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One last warm, dry day to build a new garden -- and now finally some rain to put an end to these woods fires.

By Andrew Pollack on 04/23/2006 at 11:57 AM EDT

Yesterday was the last of a long series of warm, dry, early spring days here in Maine. Yes, I realize that you southern types are well on toward summer. Here in Maine we're still waiting for the trees and shrubs to come out of hibernation. I took advantage of the nice weather and finally got around to building Barb that new raised garden bed I'd promised last fall. The hard part is digging out the base and laying in the first layer of 4" by 6" pressure treated lumber so that it is square and level. Once in place, a power drill and some 'Timber Lock' fasteners make quick work of holding them in place. The first layer done, I used two layers of fabric barrier over the sand and rock that was used to fill the area when the house was built. I fastened the material between the first and second layers of the pressure treated wood. This will slow down the rainwater and keep it from seeping out of the garden too quickly, without actually blocking it the way plastic would. It will also keep the rich garden soil from eroding down into the rock and sand beneath. I'll add one more layer to this, giving it another 6" of height and then bring in about a square yard of good loam and a couple of hundred pounds of rich compost and peat moss. That will give Barb about a 12" of very rich soil that will hold moisture well and provide plenty of nutrients which I will in turn get back in the form of cucumbers, tomatoes, sugar snap peas, raspberries, and strawberries -- or whatever else she decides to grow in this garden. Who knows, she may opt for pumpkins this year. In another week or so, it will be time to plant even the more fragile crops. By may, we don't usually get frost overnight.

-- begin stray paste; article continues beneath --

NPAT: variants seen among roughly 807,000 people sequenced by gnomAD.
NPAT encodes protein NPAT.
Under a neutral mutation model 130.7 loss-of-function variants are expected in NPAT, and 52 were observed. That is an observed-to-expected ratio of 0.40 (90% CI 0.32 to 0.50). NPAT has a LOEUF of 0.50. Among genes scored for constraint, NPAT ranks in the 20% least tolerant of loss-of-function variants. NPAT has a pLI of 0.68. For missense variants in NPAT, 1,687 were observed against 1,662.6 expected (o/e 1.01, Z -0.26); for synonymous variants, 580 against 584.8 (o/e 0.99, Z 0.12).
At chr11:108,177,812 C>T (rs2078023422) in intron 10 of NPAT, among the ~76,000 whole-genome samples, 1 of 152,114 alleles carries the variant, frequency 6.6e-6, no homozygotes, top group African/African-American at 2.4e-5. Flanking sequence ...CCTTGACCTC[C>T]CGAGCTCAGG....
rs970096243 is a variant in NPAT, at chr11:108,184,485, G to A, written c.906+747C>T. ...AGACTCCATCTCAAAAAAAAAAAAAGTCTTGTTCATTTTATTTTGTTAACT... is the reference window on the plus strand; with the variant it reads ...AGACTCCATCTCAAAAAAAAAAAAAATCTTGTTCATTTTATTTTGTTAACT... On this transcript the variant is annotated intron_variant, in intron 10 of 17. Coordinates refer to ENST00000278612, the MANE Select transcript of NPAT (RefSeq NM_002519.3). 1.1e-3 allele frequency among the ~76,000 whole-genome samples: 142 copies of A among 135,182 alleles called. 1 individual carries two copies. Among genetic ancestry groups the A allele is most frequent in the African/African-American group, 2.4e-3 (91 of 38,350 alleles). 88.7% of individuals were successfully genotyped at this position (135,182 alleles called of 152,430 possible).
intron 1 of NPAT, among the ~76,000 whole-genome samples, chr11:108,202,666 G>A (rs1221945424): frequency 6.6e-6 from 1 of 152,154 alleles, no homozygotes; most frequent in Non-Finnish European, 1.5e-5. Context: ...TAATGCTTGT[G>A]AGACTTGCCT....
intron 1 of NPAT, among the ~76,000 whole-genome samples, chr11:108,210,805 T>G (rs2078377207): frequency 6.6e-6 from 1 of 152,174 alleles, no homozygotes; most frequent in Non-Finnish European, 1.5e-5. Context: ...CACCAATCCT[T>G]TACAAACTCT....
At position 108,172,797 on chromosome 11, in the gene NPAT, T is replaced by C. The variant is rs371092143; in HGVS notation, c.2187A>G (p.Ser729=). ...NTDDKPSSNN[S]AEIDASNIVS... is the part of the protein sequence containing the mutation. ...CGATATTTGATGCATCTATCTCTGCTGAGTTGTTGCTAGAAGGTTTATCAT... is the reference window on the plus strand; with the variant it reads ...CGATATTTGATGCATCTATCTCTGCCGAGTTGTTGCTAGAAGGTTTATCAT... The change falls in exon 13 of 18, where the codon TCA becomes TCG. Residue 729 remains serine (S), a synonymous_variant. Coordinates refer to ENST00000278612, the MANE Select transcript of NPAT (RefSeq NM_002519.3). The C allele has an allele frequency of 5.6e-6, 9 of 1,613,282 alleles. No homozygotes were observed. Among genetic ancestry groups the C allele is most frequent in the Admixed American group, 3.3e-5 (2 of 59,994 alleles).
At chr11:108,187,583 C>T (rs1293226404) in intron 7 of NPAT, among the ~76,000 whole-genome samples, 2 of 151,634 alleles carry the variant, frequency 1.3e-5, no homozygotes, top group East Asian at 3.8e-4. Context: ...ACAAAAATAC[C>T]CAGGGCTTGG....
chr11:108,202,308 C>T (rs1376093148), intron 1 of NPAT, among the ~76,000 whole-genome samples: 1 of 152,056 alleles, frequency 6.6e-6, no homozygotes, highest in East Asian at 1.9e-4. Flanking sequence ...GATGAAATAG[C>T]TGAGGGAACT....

Today we've finally got some rain. For the first time in several days, we're not under a "Red Flag Warning" due to the dry ground conditions that come with early spring. Rain today, tomorrow, and Tuesday should speed the spring "Green-Up" right along and hopefully I won't be dealing with too many more brush fires until fall.

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Pressure treated lumber has some nasty chemicals in itBy Richard Schwartz on 04/23/2006 at 06:57 PM EDT
Depending who you ask, it's either perfectly safe or highly dangerous stuff.
You may want to put a plastic barrier in between the lumber and the soil.

No longer an issue -- even if you ever believed it was.By Andrew Pollack on 04/23/2006 at 07:37 PM EDT
CCA treated lumber was, in theory, able to leach arsenic into the garden and in
theory it could then accumulate in your vegetables and be eaten. This was
always untrue of nearly all vegetables, but it SOUNDED good.

Newer pressure treated lumber uses different processes and is not toxic at any
reasonable level. The newer process also does not produce any toxic waste as
part of its creation.

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